Social anxiety is the fear of social situations and the interaction with other people that can automatically bring on feelings of self-consciousness, judgment, evaluation, and inferiority.
Put another way, social anxiety is the fear and anxiety of being judged and evaluated negatively by other people, leading to feelings of inadequacy, embarrassment, humiliation, and depression. If a person usually becomes anxious in social situations, but seems fine when they are alone, then “social anxiety” may be the problem.
A specific social anxiety would be the fear of speaking in front of groups, whereas generalized social phobia indicates that the person is anxious, nervous, and uncomfortable in almost all social situations.
People with social anxiety disorder usually experience significant emotional distress in the following types of situations:
· Being introduced to other people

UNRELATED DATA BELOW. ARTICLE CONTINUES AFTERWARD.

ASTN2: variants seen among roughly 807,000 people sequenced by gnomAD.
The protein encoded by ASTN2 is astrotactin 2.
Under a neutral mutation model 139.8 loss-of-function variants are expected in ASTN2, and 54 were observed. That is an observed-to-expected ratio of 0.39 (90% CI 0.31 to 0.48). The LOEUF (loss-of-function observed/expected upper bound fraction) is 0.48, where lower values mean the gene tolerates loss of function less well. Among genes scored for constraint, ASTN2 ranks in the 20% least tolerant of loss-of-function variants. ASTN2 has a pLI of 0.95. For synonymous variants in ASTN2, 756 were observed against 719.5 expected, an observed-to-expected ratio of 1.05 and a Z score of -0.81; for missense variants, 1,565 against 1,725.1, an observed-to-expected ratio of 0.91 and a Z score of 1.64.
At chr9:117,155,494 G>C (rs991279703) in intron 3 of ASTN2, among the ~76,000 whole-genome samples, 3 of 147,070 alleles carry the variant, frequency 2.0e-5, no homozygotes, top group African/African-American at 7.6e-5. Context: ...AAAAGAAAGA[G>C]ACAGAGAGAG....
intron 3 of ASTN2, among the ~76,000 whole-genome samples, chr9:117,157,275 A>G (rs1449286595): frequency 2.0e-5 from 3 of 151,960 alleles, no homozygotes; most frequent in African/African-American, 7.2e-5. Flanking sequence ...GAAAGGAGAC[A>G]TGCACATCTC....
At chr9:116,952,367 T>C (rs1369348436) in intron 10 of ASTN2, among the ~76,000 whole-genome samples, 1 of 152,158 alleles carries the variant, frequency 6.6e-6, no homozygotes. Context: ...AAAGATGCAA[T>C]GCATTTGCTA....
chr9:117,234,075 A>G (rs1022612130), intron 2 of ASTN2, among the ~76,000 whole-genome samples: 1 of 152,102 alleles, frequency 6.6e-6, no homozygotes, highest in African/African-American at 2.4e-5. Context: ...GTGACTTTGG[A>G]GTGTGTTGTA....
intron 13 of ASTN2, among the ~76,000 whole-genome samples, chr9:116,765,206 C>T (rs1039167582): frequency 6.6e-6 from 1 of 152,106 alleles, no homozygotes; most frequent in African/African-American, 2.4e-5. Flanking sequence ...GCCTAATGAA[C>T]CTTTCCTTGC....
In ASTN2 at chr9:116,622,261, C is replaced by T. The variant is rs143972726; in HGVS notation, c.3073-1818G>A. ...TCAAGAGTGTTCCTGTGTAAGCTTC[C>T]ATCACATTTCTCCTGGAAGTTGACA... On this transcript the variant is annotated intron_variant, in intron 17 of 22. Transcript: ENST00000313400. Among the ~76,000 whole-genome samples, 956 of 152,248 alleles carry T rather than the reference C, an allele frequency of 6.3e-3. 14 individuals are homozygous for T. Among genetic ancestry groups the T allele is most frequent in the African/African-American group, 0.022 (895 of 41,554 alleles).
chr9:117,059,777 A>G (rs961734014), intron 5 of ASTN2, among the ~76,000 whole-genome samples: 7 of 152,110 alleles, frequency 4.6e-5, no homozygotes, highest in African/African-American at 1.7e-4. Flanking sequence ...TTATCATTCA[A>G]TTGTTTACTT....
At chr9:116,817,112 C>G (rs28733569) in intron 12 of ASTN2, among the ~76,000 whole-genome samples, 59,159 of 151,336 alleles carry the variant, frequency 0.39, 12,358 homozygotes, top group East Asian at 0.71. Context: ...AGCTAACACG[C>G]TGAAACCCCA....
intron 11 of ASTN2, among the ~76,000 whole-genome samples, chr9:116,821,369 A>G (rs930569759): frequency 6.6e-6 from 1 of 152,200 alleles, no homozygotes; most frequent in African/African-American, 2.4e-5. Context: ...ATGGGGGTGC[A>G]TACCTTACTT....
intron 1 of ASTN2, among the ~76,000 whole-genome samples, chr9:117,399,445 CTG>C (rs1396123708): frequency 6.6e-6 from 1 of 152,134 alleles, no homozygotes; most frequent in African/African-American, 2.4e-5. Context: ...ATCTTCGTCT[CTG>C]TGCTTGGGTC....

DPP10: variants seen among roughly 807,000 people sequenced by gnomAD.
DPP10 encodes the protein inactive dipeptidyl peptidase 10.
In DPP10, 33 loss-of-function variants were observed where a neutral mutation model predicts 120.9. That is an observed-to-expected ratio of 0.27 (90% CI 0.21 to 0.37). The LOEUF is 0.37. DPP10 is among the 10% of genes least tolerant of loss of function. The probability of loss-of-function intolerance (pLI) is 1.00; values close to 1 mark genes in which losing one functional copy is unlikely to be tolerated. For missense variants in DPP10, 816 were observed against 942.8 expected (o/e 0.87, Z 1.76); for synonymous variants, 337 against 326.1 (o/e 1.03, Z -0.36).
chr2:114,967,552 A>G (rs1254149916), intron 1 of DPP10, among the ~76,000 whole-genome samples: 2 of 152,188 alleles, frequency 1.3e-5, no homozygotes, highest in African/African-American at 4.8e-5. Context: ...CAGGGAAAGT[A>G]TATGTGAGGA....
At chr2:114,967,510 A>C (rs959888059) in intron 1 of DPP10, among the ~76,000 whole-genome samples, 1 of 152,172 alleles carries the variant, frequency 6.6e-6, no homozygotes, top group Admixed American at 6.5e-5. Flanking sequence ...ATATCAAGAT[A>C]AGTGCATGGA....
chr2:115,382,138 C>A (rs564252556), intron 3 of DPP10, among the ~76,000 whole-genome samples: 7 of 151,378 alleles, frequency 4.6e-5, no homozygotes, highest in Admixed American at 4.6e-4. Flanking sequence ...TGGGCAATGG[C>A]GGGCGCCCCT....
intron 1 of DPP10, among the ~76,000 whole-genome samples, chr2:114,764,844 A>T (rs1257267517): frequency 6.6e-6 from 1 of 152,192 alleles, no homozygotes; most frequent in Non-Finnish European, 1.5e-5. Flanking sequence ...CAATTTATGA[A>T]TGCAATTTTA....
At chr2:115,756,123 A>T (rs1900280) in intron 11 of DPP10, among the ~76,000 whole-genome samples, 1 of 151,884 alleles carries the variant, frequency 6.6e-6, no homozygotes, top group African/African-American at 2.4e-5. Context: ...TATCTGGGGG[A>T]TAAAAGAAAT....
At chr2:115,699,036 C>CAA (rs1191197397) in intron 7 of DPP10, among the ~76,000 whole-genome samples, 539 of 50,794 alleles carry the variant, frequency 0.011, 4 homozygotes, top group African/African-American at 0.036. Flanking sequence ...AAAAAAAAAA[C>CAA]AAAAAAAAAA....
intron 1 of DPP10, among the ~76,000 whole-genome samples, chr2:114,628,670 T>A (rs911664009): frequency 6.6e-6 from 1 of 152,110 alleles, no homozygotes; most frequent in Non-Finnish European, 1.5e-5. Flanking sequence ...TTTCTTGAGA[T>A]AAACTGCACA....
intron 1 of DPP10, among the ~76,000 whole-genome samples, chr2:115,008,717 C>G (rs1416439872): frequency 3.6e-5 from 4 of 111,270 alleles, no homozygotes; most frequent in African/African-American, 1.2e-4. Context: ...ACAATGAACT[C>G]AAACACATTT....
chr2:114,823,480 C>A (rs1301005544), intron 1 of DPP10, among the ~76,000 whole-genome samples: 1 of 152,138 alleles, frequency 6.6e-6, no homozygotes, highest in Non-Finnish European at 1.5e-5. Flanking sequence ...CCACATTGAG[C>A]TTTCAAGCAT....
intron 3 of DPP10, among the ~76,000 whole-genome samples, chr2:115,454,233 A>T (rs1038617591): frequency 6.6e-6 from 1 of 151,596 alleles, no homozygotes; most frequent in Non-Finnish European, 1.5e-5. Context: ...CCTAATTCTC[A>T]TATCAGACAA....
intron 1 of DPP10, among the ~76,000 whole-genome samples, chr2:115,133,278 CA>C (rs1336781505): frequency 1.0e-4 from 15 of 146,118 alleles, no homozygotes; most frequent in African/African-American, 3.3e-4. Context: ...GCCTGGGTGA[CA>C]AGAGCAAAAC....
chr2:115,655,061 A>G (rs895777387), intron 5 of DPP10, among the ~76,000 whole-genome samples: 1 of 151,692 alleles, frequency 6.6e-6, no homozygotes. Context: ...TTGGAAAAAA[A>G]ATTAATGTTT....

· Being teased or criticized
· Being the center of attention
· Being watched while doing something
· Meeting people in authority (“important people”)
· Most social encounters, especially with strangers
· Going around the room (or table) in a circle and having to say something
The physiological manifestations that accompany social anxiety may include intense fear, racing heart, turning red or blushing, excessive sweating, dry throat and mouth, trembling, swallowing with difficulty, and muscle twitches.
Constant, intense anxiety that does not go away is the most common feature.
People with social anxiety disorder know that their anxiety is irrational and does not make “head” sense. Nevertheless, “knowing” something is never the same thing as “believing” and “feeling” something. Thus, in people with social anxiety, thoughts and feelings of anxiety persist and show no signs of going away despite the fact that socially-anxious people “face their fears” every day of their lives.
Source: http://www.social-anxiety-network.com/define.html (abridged)